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論文

論文
Hirose, Keiko ; Enami, Miki ; Matsubara, Hiroki ; Kamikura, Takahisa ; Takei, Yutaka ; Inaba, Hideo
出版情報: Journal of Intensive Care.  2  pp.28-,  2014-04-24.  BioMed Central Ltd.
URL: http://hdl.handle.net/2297/46173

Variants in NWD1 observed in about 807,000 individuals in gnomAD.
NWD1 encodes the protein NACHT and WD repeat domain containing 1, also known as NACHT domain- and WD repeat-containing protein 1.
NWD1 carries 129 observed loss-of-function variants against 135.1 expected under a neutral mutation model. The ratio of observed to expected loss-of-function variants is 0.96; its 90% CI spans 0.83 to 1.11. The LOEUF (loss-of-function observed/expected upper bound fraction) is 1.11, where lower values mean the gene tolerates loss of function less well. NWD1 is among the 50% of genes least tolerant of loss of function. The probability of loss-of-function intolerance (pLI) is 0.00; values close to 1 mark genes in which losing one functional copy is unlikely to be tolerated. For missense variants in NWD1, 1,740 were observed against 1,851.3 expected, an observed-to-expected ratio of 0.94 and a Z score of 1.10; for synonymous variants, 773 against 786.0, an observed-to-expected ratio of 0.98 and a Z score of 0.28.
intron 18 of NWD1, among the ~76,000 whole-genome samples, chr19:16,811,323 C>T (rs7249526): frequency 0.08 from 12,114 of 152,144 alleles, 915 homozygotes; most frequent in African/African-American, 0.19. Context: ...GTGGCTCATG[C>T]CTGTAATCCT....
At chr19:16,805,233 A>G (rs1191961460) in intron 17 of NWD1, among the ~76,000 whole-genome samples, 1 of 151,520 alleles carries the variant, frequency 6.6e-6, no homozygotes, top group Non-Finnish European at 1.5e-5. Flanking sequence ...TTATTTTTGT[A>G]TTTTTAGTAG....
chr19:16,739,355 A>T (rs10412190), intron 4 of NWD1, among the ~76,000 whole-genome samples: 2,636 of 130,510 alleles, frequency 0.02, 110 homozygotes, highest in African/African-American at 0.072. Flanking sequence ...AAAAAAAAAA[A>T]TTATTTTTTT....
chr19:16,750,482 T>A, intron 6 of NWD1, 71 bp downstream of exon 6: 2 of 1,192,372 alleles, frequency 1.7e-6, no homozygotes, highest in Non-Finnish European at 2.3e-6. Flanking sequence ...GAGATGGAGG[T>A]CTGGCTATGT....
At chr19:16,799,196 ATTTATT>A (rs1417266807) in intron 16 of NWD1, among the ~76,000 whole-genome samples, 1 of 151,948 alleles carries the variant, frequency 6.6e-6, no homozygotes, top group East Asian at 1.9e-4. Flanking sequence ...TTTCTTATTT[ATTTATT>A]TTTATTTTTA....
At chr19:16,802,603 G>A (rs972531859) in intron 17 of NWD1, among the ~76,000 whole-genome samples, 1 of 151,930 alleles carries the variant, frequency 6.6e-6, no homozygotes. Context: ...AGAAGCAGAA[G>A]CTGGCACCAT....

概要: Background: The aim of this study was to investigate effects of basic life support (BLS) training on willingness of single rescuers to make emergency calls during out-of-hospital cardiac arrests (OHCAs) with no available help from others.Methods: A cross-over questionnaire survey was conducted with two questionnaires. Questionnaires were administered before and after two BLS courses in fire departments. One questionnaire included two scenarios which simulate OHCAs occurring in situations where help from other rescuers is available (Scenario-M) and not available (Scenario-S). The conventional BLS course was designed for multiple rescuers (Course-M), and the other was designed for single rescuers (Course-S).Results: Of 2,312 respondents, 2,218 (95.9%) answered all questions and were included in the analysis. Although both Course-M and Course-S significantly augmented willingness to make early emergency calls not only in Scenario-M but also in Scenario-S, the willingness for Scenario-M after training course was significantly higher in respondents of Course-S than in those of Course-M (odds ratio 1.706, 95% confidential interval 1.301-2.237). Multiple logistic regression analysis for Scenario-M disclosed that post training (adjusted odds ratio 11.6, 95% confidence interval 7.84-18.0), age (0.99, 0.98-0.99), male gender (1.77, 1.39-2.24), prior BLS experience of at least three times (1.46, 1.25-2.59), and time passed since most recent training during 3 years or less (1.80, 1.25-2.59) were independently associated with willingness to make early emergency calls and that type of BLS course was not independently associated with willingness. Therefore, both Course-M and Course-S similarly augmented willingness in Scenario-M. However, in multiple logistic regression analyses for Scenario-S, Course-S was independently associated with willingness to make early emergency calls in Scenario-S (1.26, 1.00-1.57), indicating that Course-S more efficiently augmented willingness. Moreover, post training (2.30, 1.86-2.83) and male gender (1.26, 1.02-1.57) were other independent factors associated with willingness in Scenario-S.Conclusions: BLS courses designed for single rescuers with no help available from others are likely to augment willingness to make early emergency calls more efficiently than conventional BLS courses designed for multiple rescuers. © 2014 Hirose et al. 続きを見る